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      Imaging the serotonin transporter during major depressive disorder and antidepressant treatment.
      ). We previously described lower 5-HTT binding in 25 antidepressant-free MDD subjects during a current major depressive episode compared with 43 healthy control subjects across six regions of interest (ROIs) implicated in the pathophysiology of MDD using the radiotracer [11C]McN5652 (
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      ). Post hoc testing showed lower binding in midbrain and amygdala. The [11C]McN5652 radiotracer has known limitations, including poor specific-to-nonspecific binding ratio and poor quantification of cortical binding (
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      [11C]DASB is a radiotracer that provides superior 5-HTT quantification compared with [11C]McN5652 (
      • Frankle W.G.
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      Comparative evaluation of serotonin transporter radioligands 11C-DASB and 11C-McN 5652 in healthy humans.
      ). Other groups have used [11C]DASB to examine 5-HTT in MDD, with divergent findings. Three reports from one research group with partially overlapping subject samples found no differences in [11C]DASB binding between MDD subjects and healthy control subjects (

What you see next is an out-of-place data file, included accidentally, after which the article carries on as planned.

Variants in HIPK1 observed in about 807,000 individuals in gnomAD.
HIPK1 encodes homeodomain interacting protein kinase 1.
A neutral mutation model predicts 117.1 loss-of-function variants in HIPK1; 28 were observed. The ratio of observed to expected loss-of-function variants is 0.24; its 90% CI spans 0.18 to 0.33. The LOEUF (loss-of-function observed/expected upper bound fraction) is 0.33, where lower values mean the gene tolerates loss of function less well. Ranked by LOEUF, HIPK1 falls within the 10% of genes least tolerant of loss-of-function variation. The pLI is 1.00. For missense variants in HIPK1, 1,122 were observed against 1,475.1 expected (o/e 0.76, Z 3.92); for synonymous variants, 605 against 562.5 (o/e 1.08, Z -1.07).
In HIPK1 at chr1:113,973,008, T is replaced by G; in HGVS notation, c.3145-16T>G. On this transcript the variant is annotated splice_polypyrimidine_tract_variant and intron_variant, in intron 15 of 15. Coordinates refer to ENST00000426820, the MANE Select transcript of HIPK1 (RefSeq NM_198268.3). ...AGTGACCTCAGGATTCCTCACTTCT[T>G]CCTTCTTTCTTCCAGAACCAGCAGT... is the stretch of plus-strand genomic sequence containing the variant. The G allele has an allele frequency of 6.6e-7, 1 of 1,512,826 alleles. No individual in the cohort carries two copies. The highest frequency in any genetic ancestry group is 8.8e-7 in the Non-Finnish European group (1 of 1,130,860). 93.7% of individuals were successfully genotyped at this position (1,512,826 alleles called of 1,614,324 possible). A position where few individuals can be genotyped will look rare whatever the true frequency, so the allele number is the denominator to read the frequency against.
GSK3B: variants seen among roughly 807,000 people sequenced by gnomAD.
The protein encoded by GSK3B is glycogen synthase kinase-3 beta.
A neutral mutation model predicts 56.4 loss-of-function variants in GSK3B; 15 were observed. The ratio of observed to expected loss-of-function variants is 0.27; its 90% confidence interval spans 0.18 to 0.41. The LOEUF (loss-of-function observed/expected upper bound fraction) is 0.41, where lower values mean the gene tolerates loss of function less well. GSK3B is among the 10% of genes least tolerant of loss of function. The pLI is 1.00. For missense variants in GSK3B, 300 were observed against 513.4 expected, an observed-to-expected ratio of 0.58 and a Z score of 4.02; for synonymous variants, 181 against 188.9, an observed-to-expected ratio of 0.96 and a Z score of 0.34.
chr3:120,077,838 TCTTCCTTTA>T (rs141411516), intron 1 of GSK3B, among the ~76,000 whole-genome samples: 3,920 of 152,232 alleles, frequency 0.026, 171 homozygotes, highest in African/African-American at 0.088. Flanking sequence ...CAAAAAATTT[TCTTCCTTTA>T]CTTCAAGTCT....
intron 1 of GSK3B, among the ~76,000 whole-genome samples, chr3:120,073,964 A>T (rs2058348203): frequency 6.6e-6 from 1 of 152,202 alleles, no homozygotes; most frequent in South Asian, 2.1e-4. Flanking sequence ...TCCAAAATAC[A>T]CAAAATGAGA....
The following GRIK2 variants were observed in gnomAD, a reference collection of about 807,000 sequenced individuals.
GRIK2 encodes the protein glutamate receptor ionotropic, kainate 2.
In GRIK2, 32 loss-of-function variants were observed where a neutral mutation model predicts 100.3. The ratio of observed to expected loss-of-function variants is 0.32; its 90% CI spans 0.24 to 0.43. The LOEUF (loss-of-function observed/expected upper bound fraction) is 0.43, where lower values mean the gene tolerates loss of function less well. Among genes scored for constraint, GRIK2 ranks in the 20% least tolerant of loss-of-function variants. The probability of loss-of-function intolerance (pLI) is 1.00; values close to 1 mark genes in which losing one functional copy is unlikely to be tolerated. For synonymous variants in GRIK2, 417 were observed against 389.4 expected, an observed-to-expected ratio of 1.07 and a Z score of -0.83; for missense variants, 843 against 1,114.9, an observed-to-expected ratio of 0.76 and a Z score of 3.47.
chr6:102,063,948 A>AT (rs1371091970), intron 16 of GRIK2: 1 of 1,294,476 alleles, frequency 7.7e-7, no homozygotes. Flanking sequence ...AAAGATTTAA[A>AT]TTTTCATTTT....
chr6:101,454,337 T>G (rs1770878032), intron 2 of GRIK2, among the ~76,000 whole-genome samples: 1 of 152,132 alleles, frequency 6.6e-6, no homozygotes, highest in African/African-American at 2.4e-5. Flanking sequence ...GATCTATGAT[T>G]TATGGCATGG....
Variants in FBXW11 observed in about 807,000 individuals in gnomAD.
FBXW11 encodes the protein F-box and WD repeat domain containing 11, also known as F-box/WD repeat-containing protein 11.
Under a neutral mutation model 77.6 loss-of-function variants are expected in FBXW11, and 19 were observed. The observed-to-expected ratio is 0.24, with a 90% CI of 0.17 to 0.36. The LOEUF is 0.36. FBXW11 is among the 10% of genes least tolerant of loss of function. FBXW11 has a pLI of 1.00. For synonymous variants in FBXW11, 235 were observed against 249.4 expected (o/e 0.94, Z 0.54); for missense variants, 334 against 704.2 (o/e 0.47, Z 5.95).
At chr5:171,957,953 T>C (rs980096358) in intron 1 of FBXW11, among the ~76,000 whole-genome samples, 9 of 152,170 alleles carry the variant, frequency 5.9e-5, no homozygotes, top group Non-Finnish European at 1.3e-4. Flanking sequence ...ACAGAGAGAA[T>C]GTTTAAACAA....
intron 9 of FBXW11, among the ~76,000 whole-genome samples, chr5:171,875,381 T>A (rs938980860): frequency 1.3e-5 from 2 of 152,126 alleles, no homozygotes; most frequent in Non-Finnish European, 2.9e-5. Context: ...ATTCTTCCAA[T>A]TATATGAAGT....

• Meyer J.H.
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      Occupancy of serotonin transporters by paroxetine and citalopram during treatment of depression: A [(11)C]DASB PET imaging study.
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      Brain serotonin transporter binding potential measured with carbon 11-labeled DASB positron emission tomography: Effects of major depressive episodes and severity of dysfunctional attitudes.
      ). One study found higher [11C]DASB binding in MDD subjects than healthy control subjects across a broad anatomic distribution (
      • Cannon D.M.
      • Ichise M.
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      Elevated serotonin transporter binding in major depressive disorder assessed using positron emission tomography and [11C]DASB; comparison with bipolar disorder.
      ), while two others reported lower [11C]DASB binding, one in the thalamus specifically (
      • Reimold M.
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      • et al.
      Anxiety is associated with reduced central serotonin transporter availability in unmedicated patients with unipolar major depression: A [11C]DASB PET study.
      ) and another across a broad range of cortical and subcortical regions (
      • Selvaraj S.
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      • Bhagwagar Z.
      • Bose S.K.
      • Hinz R.
      • Grasby P.M.
      • Cowen P.J.
      Diminished brain 5-HT transporter binding in major depression: A positron emission tomography study with [(11)C]DASB.
      ). These divergent findings may be partially explained by demographic and clinical differences in study populations, including rates of suicidal behavior, and by different PET outcome measures employed.
      In addition to examining effects of diagnosis on binding, we previously examined the effect of a functional promoter polymorphism in the 5-HTT gene (SLC6A4, polymorphism: serotonin-transporter-linked polymorphic region [5-HTTLPR]) that regulates in vitro expression of 5-HTT (